How do we do this?
I curl my striped feet up under me, write a letter back. I tell him people read his story at (in)courage and more than a hundred children were sponsored because hearts on the other side of the screen wanted children to grow up to be like him.
His response blinks back on the screen:
“I am glad to know because I am encouraged to continue making a difference in my country and thus be able to give GLORY TO GOD, MY FATHER BEAUTIFUL …!!!”
I am warmed right through, from striped toes to heart. I can’t stop smiling, blinking it all back.
I think this is the thing: We do something to make a difference — in our country, in our world, in any way we can, — for even the smallest can be made large by God — all for the glory of God.
I think of Elizabeth and five children and stage three cancer and knitting prayer socks. Doing something. Even from a bed.
I walk through the day and I think of impoverished children on dirt floors and rats that scurry over feet and the fermented bottle always to the lips draining all the life away.
And I remember light in their eyes and the smiles that tugged and when I close my eyes— I can hear the laughter of Guatemala, the laughter of the children that danced to the love of God experienced anywhere, everywhere.
Experiencing God anywhere, everywhere. Now. We who are loved much — serve much.
I can always hear their laughter, church halls ringing with their laughter.
And listening to happy memories reverberating off inner walls cracked, I realize I don’t need a voice, I don’t need to know what to say, what to do. Maybe that isn’t the first step for any of us. Maybe something else comes first. I wiggle my toes in socks.
Maybe before doing, before speaking — maybe we first need to listen — fervently, faithfully listen.
Listen, so that “Whether you turn to the right or to the left, your ears will hear a voice behind you, saying, “This is the way; walk in it.”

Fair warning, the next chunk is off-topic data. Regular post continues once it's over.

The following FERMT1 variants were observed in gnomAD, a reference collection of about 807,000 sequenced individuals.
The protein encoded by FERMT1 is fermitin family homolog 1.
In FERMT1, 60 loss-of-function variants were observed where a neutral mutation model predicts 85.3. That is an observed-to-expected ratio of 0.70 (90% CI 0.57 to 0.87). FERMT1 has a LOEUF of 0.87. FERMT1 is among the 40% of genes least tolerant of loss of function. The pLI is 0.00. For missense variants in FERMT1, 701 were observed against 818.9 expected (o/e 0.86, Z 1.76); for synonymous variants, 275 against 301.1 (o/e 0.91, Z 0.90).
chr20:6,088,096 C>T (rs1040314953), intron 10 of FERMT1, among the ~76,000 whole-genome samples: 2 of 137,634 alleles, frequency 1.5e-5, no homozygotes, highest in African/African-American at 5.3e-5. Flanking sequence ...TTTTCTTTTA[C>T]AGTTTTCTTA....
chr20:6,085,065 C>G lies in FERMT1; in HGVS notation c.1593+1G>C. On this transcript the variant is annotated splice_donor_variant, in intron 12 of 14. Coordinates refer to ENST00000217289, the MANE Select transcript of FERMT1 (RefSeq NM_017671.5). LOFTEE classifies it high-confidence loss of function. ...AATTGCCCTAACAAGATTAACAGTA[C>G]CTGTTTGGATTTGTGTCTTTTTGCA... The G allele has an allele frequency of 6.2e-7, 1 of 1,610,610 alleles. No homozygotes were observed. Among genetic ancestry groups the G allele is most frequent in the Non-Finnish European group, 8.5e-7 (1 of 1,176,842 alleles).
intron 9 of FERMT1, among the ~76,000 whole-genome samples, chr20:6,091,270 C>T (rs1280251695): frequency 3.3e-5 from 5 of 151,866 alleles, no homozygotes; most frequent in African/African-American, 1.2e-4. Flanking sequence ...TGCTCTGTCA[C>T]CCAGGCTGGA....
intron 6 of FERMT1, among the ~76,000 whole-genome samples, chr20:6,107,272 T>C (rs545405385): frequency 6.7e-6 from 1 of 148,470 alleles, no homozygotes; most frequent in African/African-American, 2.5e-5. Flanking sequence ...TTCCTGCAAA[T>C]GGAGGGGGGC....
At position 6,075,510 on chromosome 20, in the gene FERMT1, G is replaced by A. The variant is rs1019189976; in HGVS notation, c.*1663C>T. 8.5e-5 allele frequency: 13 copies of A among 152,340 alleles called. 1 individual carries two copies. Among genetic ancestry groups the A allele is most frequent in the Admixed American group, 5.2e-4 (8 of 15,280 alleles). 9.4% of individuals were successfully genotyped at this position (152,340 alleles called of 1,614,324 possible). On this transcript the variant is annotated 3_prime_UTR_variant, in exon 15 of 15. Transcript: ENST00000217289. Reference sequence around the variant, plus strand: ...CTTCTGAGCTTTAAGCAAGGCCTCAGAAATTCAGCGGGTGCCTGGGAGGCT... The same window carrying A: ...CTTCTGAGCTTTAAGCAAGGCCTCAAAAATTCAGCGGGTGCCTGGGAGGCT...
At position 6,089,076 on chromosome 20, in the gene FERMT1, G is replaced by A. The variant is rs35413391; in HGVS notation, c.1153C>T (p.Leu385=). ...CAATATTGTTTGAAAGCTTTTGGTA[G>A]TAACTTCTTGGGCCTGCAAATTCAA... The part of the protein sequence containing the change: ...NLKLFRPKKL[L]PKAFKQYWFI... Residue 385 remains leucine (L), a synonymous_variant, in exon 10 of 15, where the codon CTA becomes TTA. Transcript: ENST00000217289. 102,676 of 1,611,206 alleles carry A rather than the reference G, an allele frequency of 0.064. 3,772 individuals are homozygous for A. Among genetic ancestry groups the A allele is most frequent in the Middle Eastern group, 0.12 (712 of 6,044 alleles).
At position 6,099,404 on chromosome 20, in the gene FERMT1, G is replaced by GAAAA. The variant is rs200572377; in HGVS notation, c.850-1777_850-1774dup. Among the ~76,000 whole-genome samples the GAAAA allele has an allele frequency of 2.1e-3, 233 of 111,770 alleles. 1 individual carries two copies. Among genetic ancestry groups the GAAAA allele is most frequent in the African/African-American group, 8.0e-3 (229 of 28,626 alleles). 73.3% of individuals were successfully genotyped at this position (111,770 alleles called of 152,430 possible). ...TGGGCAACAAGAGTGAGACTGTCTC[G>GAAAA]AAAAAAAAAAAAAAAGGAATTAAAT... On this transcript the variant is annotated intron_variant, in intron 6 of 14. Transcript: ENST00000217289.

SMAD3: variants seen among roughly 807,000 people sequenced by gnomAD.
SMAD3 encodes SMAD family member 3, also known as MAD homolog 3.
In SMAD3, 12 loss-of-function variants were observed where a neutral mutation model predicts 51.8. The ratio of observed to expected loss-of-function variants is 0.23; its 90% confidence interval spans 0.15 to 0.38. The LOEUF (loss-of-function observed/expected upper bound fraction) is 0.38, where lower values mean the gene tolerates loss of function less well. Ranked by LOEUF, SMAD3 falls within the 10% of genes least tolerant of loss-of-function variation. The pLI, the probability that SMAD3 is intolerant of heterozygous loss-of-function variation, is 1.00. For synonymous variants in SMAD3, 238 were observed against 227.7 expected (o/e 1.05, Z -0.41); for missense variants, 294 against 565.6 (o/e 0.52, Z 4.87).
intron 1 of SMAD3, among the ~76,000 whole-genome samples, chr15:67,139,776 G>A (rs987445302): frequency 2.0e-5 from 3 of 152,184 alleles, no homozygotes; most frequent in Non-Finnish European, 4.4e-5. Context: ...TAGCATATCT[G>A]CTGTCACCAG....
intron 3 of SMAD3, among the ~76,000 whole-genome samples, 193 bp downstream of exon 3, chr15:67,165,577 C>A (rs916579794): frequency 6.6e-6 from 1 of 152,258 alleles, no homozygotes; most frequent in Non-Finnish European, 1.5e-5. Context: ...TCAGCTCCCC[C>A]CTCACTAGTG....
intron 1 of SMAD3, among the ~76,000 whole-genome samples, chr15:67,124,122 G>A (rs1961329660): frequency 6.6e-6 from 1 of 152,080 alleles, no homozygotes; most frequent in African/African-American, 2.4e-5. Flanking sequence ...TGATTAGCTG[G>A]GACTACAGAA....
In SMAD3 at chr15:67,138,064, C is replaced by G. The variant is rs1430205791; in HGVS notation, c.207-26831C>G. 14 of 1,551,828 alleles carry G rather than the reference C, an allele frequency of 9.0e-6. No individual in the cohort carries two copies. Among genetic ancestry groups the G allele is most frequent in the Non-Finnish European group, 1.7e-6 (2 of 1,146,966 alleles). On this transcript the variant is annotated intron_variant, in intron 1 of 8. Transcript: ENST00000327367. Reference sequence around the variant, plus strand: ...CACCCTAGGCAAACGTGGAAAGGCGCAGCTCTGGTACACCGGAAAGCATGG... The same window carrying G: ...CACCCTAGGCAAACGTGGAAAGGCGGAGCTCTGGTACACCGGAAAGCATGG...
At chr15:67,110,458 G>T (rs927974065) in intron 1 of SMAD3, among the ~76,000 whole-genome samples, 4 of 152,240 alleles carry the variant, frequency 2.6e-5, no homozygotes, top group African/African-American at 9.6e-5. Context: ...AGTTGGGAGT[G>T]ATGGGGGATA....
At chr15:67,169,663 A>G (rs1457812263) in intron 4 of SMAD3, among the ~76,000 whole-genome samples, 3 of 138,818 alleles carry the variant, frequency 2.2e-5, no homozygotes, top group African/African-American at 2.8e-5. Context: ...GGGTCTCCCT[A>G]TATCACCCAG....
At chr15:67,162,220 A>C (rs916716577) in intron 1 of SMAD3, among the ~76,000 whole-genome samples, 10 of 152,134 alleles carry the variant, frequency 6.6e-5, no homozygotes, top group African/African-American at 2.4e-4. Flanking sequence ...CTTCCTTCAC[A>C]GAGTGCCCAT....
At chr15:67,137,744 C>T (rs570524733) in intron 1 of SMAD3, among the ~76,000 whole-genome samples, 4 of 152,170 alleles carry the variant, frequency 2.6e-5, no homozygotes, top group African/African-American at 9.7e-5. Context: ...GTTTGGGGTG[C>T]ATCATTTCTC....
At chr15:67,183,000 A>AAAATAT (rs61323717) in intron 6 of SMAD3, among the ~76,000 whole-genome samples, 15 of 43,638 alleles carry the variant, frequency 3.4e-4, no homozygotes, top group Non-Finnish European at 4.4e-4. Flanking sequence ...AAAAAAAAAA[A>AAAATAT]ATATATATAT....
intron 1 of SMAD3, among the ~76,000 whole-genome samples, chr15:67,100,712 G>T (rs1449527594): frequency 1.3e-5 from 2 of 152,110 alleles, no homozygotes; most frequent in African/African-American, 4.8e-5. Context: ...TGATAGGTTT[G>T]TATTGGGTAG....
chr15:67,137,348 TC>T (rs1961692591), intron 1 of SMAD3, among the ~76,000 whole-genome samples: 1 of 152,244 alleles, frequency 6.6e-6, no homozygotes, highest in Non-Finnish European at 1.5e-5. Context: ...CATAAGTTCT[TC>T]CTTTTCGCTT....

God will be the voice that draws near, that whispers right into the ear, warm and close, “This Child, this is the work I have for you in the world, to change the world, to love this one heart, and this one heart, and this one heart. Do this and do it with a love. For this is your work that will ripple out into eternity.”
Listen — and then do.
I have loved until it aches, and found that the love consumes the ache, so there is only love — much more love.
I have lost my voice — and I have found His. “This is the way; walk in it.”
I am going to be okay; it’s all going to be okay and I remember why all is well.
“For the Author has written Himself into the Story and now walks with us until the Story is finished in His time, in His Way, for His Honor and His glory. All is well.” (~Peretti)
I have twenty thousand prayers on the feet and I walk out into a whole new and broken way of being and living and giving. Walk out into a world that is hurting and can only be healed by His stripes.
I wear love and I listen and speak fewer words and I walk. I walk.
Whether you turn to the right or to the left, your ears will hear a voice behind you, saying, “This is the way; walk in it.” ~Isa. 30:21